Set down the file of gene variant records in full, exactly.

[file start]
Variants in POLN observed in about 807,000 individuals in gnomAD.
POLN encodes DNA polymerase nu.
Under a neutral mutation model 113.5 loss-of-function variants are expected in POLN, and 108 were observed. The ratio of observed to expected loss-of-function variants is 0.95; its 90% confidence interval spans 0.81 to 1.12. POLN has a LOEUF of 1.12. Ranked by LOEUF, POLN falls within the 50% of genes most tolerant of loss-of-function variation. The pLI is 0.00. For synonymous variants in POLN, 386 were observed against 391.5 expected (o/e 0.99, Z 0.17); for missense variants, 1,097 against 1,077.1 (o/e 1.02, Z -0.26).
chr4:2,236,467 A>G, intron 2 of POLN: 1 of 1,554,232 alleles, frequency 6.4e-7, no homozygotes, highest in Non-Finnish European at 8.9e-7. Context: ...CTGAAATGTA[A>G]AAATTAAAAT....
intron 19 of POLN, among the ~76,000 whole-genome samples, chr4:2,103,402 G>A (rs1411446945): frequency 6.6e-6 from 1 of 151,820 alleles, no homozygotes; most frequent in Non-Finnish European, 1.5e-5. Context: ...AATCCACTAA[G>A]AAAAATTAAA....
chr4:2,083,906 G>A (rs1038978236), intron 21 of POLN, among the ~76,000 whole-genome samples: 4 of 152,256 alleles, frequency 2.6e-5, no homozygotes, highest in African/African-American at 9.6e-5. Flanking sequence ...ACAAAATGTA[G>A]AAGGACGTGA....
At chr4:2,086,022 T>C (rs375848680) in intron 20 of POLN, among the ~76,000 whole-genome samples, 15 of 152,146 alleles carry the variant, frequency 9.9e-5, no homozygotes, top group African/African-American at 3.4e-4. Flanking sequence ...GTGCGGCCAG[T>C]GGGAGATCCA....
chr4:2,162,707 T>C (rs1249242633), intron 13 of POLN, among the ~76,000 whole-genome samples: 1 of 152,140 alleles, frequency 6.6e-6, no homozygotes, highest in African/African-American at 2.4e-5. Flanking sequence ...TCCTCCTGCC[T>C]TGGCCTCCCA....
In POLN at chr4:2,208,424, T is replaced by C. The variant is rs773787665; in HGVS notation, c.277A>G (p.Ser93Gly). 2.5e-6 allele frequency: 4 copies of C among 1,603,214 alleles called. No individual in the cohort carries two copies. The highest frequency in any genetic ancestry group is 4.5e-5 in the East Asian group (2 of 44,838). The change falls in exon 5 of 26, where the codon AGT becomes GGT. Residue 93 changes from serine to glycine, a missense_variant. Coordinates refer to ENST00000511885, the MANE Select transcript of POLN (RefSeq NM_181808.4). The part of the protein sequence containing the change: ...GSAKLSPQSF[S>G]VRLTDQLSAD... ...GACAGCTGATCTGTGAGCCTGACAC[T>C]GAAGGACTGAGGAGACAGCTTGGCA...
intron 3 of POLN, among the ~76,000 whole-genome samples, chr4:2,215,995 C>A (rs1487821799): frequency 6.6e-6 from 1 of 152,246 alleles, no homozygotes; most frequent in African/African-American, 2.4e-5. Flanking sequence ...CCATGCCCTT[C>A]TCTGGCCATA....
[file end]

Variants in POLN observed in about 807,000 individuals in gnomAD.
POLN encodes DNA polymerase nu.
Under a neutral mutation model 113.5 loss-of-function variants are expected in POLN, and 108 were observed. The ratio of observed to expected loss-of-function variants is 0.95; its 90% confidence interval spans 0.81 to 1.12. POLN has a LOEUF of 1.12. Ranked by LOEUF, POLN falls within the 50% of genes most tolerant of loss-of-function variation. The pLI is 0.00. For synonymous variants in POLN, 386 were observed against 391.5 expected (o/e 0.99, Z 0.17); for missense variants, 1,097 against 1,077.1 (o/e 1.02, Z -0.26).
chr4:2,236,467 A>G, intron 2 of POLN: 1 of 1,554,232 alleles, frequency 6.4e-7, no homozygotes, highest in Non-Finnish European at 8.9e-7. Context: ...CTGAAATGTA[A>G]AAATTAAAAT....
intron 19 of POLN, among the ~76,000 whole-genome samples, chr4:2,103,402 G>A (rs1411446945): frequency 6.6e-6 from 1 of 151,820 alleles, no homozygotes; most frequent in Non-Finnish European, 1.5e-5. Context: ...AATCCACTAA[G>A]AAAAATTAAA....
chr4:2,083,906 G>A (rs1038978236), intron 21 of POLN, among the ~76,000 whole-genome samples: 4 of 152,256 alleles, frequency 2.6e-5, no homozygotes, highest in African/African-American at 9.6e-5. Flanking sequence ...ACAAAATGTA[G>A]AAGGACGTGA....
At chr4:2,086,022 T>C (rs375848680) in intron 20 of POLN, among the ~76,000 whole-genome samples, 15 of 152,146 alleles carry the variant, frequency 9.9e-5, no homozygotes, top group African/African-American at 3.4e-4. Flanking sequence ...GTGCGGCCAG[T>C]GGGAGATCCA....
chr4:2,162,707 T>C (rs1249242633), intron 13 of POLN, among the ~76,000 whole-genome samples: 1 of 152,140 alleles, frequency 6.6e-6, no homozygotes, highest in African/African-American at 2.4e-5. Flanking sequence ...TCCTCCTGCC[T>C]TGGCCTCCCA....
In POLN at chr4:2,208,424, T is replaced by C. The variant is rs773787665; in HGVS notation, c.277A>G (p.Ser93Gly). 2.5e-6 allele frequency: 4 copies of C among 1,603,214 alleles called. No individual in the cohort carries two copies. The highest frequency in any genetic ancestry group is 4.5e-5 in the East Asian group (2 of 44,838). The change falls in exon 5 of 26, where the codon AGT becomes GGT. Residue 93 changes from serine to glycine, a missense_variant. Coordinates refer to ENST00000511885, the MANE Select transcript of POLN (RefSeq NM_181808.4). The part of the protein sequence containing the change: ...GSAKLSPQSF[S>G]VRLTDQLSAD... ...GACAGCTGATCTGTGAGCCTGACAC[T>C]GAAGGACTGAGGAGACAGCTTGGCA...
intron 3 of POLN, among the ~76,000 whole-genome samples, chr4:2,215,995 C>A (rs1487821799): frequency 6.6e-6 from 1 of 152,246 alleles, no homozygotes; most frequent in African/African-American, 2.4e-5. Flanking sequence ...CCATGCCCTT[C>A]TCTGGCCATA....